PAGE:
Interview: Cady Hammer

This week we sat down with YA Fantasy author, Cady Hammer, whose debut novel, Chasing Fae released today! Join us as we talk about how she stumbled into her publisher, when she finds time to write during such a busy academic schedule, and how losing a close friend became the inspiration for her story.



Hello Cady! Thank you so much for sitting with me today!

Hey CJ! Super excited for it. 🙂

CJ: Awesome. Why don’t you start by telling us a little about yourself?

Cady: Alright! I am a junior in college studying history and anthropology. I am also a young adult fantasy author. My debut novel, Chasing Fae, is due to release during the last week of July 2020. (Editor’s Note: Cady’s book is being released today, August 3rd) I have been an avid reader my entire life, and I am a huge fantasy nerd. Outside of writing, I am active in my honors fraternity at school, Phi Sigma Pi, and enjoy doing theater and ballroom dancing. 

CJ: Cady, we’re brothers! What chapter? I’m with the Epsilon Xi Chapter.

Cady: Woah! That’s crazy. I had no idea! I am with the Gamma Psi Chapter. This is amazing; I love it. 

CJ: Tell us about your blog.

Cady: Of course, how could I forget that? I run Fluff About Fantasy, a website geared towards teaching young writers the tips and tricks to writing fantasy. I started the website back in January 2019 after finishing my first draft of Chasing Fae during NaNoWriMo. I talk about everything from world-building and character-building at the beginning of the process, to drafting, and the tedious revising process. I wanted to create a resource where all of this incredible information about fantasy writing could be pulled together into one space for young writers to read and use. I post about once a week and often update the page with new resources and tools from all the Internet.

CJ: That’s a lot you have going on with your blog. How do you find the time to keep up with it along with all your other activities?

Cady: I work hard. I wish I had an answer like “I summon time from the future,” but the best answer I can give is that I work hard. After classes and homework, I dive into writing, whether that is with the book or with the website. I used to update the website twice a week, but once the sophomore year started, I realized it was too much. So I cut back to once a week, and I have found that I write more substantial posts with the cutback. I live and breathe writing; it’s relaxing to me and really takes advantage of my creativity. I find it to be both my new job as an author and as an intense hobby. 

CJ: Tell us about your book, Chasing Fae.

Cady: Chasing Fae is a young adult fantasy book, and it is the best piece of writing that I have ever put out. The story follows Grace Richardson, a young mortal woman whose older brother dies in a mysterious accident while serving as a mercenary in the Fae’s realm, the Upper Realm. Suspecting foul play and overwhelmed by grief, Grace disguises herself as a Fae and sneaks into the Upper Realm to get some answers. She expected being in way over her head, but the Fae soldier who catches her fleeing an angry bar and discovers her identity only a day in? Not so much. So now Grace is forced to drag this soldier, Aiden, along as she tries to work out exactly how and why her brother died. There’re political conspiracies, demon realm escapades, and family secrets that will all lead Grace to the answers she’s looking for… and some that she isn’t. I’m really excited to get this book out there.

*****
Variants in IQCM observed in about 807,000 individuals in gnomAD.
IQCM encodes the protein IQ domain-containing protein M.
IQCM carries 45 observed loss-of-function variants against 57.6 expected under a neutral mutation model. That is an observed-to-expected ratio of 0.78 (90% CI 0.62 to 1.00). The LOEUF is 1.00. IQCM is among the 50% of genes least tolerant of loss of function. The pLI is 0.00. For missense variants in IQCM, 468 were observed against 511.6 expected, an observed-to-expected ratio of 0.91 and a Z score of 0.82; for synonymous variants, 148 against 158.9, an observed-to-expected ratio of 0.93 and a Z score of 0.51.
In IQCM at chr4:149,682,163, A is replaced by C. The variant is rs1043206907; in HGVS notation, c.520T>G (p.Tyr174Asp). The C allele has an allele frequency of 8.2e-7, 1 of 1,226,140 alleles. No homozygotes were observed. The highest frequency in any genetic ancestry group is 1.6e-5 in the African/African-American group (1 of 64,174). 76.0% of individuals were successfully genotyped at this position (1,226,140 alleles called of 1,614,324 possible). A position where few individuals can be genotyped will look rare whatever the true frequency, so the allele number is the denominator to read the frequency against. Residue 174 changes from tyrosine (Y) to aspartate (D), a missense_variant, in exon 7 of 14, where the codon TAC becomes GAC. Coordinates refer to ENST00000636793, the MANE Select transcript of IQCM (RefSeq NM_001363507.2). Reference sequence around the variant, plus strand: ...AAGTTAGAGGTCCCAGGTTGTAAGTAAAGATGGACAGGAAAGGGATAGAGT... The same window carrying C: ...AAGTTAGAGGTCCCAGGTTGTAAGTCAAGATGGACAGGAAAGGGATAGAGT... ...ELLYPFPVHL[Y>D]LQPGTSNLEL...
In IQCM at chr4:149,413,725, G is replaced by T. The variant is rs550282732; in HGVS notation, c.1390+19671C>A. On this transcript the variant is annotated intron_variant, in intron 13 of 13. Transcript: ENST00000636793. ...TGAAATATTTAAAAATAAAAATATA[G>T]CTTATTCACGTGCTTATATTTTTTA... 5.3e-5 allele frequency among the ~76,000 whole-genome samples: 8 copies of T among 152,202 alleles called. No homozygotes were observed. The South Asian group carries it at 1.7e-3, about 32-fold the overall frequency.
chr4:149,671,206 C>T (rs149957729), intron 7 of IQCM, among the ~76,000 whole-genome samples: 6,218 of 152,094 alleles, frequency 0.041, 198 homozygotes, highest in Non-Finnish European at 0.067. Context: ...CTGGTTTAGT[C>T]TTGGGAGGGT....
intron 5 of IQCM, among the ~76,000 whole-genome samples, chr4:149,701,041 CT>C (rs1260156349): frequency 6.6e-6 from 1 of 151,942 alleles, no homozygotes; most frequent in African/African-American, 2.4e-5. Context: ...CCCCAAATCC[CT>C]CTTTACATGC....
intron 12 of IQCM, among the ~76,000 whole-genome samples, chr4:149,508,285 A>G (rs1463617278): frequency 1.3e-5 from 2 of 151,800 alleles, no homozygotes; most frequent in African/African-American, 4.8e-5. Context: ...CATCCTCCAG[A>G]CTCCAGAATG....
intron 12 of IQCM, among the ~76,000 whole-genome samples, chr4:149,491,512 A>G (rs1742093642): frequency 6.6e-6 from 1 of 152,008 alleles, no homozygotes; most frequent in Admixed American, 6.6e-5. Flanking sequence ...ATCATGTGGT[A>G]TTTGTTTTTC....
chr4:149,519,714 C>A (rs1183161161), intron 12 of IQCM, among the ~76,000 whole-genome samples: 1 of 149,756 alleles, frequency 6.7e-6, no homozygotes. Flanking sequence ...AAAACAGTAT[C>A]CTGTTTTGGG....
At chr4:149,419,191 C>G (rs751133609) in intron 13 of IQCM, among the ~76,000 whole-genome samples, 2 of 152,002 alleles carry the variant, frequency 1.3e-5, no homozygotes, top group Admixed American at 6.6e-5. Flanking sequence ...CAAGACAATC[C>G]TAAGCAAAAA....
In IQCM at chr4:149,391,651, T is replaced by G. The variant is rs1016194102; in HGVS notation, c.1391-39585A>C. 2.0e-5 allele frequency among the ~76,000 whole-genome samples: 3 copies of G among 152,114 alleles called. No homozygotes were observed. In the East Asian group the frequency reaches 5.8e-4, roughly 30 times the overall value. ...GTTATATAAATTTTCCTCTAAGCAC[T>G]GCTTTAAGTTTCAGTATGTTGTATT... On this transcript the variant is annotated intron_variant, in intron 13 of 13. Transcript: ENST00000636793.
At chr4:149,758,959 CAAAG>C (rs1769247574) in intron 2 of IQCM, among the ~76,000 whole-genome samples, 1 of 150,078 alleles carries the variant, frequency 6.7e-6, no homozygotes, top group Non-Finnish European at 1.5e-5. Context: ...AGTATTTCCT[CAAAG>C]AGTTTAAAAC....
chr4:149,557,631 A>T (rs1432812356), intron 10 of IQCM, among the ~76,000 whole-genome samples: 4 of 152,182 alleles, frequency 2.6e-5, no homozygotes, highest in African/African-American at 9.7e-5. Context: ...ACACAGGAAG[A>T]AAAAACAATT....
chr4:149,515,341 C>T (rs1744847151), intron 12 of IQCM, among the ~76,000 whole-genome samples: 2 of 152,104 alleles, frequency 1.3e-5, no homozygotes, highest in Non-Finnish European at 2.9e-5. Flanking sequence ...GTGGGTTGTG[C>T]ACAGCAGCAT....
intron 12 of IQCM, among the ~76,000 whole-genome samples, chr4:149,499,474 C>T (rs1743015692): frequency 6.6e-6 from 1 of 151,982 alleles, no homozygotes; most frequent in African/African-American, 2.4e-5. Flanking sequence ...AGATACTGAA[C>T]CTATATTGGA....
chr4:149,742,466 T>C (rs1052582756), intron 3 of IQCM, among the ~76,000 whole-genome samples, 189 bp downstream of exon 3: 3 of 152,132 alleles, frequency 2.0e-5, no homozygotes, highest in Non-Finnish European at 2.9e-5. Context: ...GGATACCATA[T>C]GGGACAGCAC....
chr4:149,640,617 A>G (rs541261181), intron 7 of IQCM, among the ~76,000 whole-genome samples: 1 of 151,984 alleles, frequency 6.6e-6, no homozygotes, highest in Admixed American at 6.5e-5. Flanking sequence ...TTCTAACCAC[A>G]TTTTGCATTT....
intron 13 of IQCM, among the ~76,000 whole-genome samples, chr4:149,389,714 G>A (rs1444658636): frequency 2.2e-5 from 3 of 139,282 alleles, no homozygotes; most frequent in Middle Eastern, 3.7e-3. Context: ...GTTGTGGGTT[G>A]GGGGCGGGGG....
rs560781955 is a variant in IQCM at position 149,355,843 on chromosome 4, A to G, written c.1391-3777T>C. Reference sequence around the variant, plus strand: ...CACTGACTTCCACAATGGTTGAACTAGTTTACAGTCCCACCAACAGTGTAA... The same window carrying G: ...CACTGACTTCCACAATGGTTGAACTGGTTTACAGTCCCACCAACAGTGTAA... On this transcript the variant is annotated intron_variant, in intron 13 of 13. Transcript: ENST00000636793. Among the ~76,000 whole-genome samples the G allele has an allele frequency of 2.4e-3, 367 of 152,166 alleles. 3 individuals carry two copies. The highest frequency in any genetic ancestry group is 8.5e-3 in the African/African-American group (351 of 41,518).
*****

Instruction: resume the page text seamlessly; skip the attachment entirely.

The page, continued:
CJ: Having been one of your beta readers, I can confirm that this is a fantastic story! Where did you get the inspiration from?

Cady: This book started as a way to cleanse my soul after a terrible friend breakup. This particular friend was like a brother to me, I was tired of feeling left behind and just lost. I came up with this story to kind of give an ending to the chaos I was feeling inside. There’s a reason that Grace’s older brother, Leo, has to be dead at the beginning. She has to come to terms with these conflicting emotions while seeking her answers about his death. As I wrote the story, however, it became so much more than just a way to get something off my chest. I watched my characters take their first breaths and become real people who had real feelings and desires, and they ended up driving the story in a different direction. I was just along for the ride. When I finished the first draft and wrote those last words, I knew that this was the one I would get published somehow. I just felt it.